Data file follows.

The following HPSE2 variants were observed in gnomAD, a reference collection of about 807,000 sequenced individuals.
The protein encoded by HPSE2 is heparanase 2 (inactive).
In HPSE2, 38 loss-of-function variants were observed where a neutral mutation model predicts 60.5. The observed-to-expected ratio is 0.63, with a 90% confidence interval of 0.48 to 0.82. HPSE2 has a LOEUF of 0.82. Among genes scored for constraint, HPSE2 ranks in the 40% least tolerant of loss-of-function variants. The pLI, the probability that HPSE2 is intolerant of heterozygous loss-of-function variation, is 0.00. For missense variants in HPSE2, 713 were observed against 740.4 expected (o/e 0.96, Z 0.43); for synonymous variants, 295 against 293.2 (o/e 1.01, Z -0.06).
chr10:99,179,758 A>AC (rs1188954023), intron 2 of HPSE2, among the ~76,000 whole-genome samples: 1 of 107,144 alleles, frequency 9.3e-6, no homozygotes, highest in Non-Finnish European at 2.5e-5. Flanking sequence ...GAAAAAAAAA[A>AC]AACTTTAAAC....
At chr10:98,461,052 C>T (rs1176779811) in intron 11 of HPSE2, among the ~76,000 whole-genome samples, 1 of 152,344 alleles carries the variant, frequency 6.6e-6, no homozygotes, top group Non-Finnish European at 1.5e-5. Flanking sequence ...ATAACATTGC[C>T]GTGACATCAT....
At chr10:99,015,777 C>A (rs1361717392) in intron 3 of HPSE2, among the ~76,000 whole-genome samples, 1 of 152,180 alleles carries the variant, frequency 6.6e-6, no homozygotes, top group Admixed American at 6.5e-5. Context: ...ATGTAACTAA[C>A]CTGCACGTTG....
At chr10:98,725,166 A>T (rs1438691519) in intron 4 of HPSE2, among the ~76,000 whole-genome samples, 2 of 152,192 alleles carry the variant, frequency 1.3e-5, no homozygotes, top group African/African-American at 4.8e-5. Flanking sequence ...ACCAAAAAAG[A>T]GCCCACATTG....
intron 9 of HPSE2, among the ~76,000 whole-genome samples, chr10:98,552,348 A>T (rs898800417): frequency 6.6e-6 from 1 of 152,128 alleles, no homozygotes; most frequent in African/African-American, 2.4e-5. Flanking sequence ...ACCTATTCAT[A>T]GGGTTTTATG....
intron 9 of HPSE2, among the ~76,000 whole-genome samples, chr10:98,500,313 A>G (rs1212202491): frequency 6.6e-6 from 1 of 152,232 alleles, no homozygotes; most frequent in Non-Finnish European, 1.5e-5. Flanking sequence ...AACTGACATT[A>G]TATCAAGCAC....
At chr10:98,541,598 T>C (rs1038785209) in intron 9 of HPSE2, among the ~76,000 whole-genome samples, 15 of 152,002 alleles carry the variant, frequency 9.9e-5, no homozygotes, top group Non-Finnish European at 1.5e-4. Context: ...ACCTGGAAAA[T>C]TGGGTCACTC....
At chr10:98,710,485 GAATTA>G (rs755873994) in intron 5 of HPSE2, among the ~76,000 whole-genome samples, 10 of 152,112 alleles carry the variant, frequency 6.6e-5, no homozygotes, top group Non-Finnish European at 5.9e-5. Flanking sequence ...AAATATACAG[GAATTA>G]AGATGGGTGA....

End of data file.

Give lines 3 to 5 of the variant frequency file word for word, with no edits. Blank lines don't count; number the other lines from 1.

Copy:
In HPSE2, 38 loss-of-function variants were observed where a neutral mutation model predicts 60.5. The observed-to-expected ratio is 0.63, with a 90% confidence interval of 0.48 to 0.82. HPSE2 has a LOEUF of 0.82. Among genes scored for constraint, HPSE2 ranks in the 40% least tolerant of loss-of-function variants. The pLI, the probability that HPSE2 is intolerant of heterozygous loss-of-function variation, is 0.00. For missense variants in HPSE2, 713 were observed against 740.4 expected (o/e 0.96, Z 0.43); for synonymous variants, 295 against 293.2 (o/e 1.01, Z -0.06).
chr10:99,179,758 A>AC (rs1188954023), intron 2 of HPSE2, among the ~76,000 whole-genome samples: 1 of 107,144 alleles, frequency 9.3e-6, no homozygotes, highest in Non-Finnish European at 2.5e-5. Flanking sequence ...GAAAAAAAAA[A>AC]AACTTTAAAC....
At chr10:98,461,052 C>T (rs1176779811) in intron 11 of HPSE2, among the ~76,000 whole-genome samples, 1 of 152,344 alleles carries the variant, frequency 6.6e-6, no homozygotes, top group Non-Finnish European at 1.5e-5. Flanking sequence ...ATAACATTGC[C>T]GTGACATCAT....